Bron Taylor unites theoretical and applied social science to analyze a salient contemporary moral and political problem. Three decades after the passage of civil rights laws, criteria for hiring and promotion to redress past discrimination and the sensitive “quota” question are still unresolved issues.
Taylor reviews the works of prominent social scientists and philosophers on the moral and legal principles underlying affirmative action, and examines them in light of his own empirical study. Using participant observation, in-depth interviewing, and a detailed questionnaire, he examines the attitudes of four groups in the California Department of Parks and Recreation: male and female, white and nonwhite workers. Because the department has implemented a strong program for ten years, its employees have had firsthand experience with affirmative action. Their views about the rights of minorities in the economy are often surprising.
This work presents a comprehensive picture of the cross-pressures-the racial fears and antagonisms, the moral, ethical, and religious views about fairness and opportunity, the rigid ideas-that guide popular attitudes.
To support U.S. Department of Defense (DoD) efforts to create a unified, comprehensive strategic plan for suicide prevention research, a RAND study cataloged studies funded by DoD and other entities, examined whether current research maps to DoD’s strategic research needs, and provided recommendations to encourage better alignment and narrow the research-practice gap when it comes to disseminating findings to programs serving military personnel.
Stories of government management failures often make the headlines, but quietly much gets done as well. What makes the difference? Ira Goldstein offers wisdom about how to lead and succeed in the federal realm, even during periods when the political climate is intensely negative, based on his decades of experience as a senior executive at two major government consulting firms and as a member of the US federal government's Senior Executive Service.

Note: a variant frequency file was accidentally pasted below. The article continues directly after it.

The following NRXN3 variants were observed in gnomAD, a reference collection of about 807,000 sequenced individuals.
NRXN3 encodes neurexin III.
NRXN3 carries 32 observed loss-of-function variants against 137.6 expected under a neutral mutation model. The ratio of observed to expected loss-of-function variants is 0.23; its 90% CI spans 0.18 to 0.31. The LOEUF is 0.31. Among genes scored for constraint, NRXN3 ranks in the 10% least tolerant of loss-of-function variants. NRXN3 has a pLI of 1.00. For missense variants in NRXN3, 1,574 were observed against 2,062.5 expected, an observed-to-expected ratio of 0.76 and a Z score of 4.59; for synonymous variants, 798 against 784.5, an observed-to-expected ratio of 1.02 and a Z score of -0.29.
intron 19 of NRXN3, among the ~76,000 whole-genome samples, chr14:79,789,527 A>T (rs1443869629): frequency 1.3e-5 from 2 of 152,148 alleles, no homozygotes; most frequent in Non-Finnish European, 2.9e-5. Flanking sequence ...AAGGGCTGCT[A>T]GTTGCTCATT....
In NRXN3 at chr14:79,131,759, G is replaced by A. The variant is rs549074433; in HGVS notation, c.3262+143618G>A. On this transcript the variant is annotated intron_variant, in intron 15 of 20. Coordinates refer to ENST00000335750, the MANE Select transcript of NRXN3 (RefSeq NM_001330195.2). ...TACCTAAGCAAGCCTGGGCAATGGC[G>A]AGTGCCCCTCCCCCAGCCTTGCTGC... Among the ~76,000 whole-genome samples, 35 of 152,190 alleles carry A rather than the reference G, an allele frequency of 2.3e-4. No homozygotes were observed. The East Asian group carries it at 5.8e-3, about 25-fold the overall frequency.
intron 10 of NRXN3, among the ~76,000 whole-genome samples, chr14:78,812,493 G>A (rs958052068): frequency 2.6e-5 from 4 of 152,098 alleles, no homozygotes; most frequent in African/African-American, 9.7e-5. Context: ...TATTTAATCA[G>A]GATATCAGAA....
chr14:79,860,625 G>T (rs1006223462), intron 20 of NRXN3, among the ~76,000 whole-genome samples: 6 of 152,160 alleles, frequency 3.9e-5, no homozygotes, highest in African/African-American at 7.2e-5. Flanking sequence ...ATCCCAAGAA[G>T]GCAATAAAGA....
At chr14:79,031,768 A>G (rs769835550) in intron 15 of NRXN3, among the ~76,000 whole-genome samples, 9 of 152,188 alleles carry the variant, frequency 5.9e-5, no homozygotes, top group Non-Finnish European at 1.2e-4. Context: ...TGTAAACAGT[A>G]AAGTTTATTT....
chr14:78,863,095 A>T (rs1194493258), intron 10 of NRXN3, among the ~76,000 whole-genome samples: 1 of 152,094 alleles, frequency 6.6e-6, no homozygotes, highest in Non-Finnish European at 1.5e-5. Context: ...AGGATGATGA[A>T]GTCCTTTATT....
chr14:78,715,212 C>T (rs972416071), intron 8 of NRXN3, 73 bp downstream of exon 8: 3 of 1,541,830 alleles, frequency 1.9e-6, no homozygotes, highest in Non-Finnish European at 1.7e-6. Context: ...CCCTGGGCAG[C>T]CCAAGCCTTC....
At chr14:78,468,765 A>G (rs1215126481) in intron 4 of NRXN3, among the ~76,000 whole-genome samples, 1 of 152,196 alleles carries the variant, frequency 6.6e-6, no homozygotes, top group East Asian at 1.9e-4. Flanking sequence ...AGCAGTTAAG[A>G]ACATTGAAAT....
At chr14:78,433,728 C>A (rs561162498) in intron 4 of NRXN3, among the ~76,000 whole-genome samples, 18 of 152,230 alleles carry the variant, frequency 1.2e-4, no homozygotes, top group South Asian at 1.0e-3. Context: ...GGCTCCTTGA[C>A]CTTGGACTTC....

The Federal Management Playbook coaches the importance of always keeping four key concepts in mind when planning for success: goals, stakeholders, resources, and time frames. Its chapters address how to effectively motivate government employees, pick the right technologies, communicate and negotiate with powerful stakeholders, manage risks, get value from contractors, foster innovation, and more. Goldstein makes lessons easy to apply by breaking each chapter’s plans into three strategic phases: create an offensive strategy, execute your plan effectively, and play a smart defense. Additional tips describe how career civil servants and political appointees can get the most from one another, advise consultants on providing value to government, and help everyone better manage ever-present oversight.
The Federal Management Playbook is a must-read for anyone working in the government realm and for students who aspire to public service.